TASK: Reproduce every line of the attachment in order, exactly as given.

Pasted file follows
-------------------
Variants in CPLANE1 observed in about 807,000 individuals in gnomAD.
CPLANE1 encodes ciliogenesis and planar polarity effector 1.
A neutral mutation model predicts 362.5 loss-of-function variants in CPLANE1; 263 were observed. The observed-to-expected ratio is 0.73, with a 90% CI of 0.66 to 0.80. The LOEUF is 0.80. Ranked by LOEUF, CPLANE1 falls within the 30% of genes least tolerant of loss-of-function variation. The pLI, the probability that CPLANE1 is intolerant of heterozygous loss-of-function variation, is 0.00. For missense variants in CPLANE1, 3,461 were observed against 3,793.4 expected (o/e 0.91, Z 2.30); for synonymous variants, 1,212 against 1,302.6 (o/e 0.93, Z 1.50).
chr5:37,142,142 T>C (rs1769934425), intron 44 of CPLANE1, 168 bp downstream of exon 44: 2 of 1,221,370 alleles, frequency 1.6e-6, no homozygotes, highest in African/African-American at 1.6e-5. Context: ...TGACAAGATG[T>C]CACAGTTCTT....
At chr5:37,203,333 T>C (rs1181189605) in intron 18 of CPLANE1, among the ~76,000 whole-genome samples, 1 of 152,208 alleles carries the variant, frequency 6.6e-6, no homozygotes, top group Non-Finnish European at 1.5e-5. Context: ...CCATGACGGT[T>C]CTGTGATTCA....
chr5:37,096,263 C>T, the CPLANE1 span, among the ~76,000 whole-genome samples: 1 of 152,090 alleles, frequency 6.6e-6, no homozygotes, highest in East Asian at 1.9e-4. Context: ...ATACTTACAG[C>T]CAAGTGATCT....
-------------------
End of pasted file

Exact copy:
Variants in CPLANE1 observed in about 807,000 individuals in gnomAD.
CPLANE1 encodes ciliogenesis and planar polarity effector 1.
A neutral mutation model predicts 362.5 loss-of-function variants in CPLANE1; 263 were observed. The observed-to-expected ratio is 0.73, with a 90% CI of 0.66 to 0.80. The LOEUF is 0.80. Ranked by LOEUF, CPLANE1 falls within the 30% of genes least tolerant of loss-of-function variation. The pLI, the probability that CPLANE1 is intolerant of heterozygous loss-of-function variation, is 0.00. For missense variants in CPLANE1, 3,461 were observed against 3,793.4 expected (o/e 0.91, Z 2.30); for synonymous variants, 1,212 against 1,302.6 (o/e 0.93, Z 1.50).
chr5:37,142,142 T>C (rs1769934425), intron 44 of CPLANE1, 168 bp downstream of exon 44: 2 of 1,221,370 alleles, frequency 1.6e-6, no homozygotes, highest in African/African-American at 1.6e-5. Context: ...TGACAAGATG[T>C]CACAGTTCTT....
At chr5:37,203,333 T>C (rs1181189605) in intron 18 of CPLANE1, among the ~76,000 whole-genome samples, 1 of 152,208 alleles carries the variant, frequency 6.6e-6, no homozygotes, top group Non-Finnish European at 1.5e-5. Context: ...CCATGACGGT[T>C]CTGTGATTCA....
chr5:37,096,263 C>T, the CPLANE1 span, among the ~76,000 whole-genome samples: 1 of 152,090 alleles, frequency 6.6e-6, no homozygotes, highest in East Asian at 1.9e-4. Context: ...ATACTTACAG[C>T]CAAGTGATCT....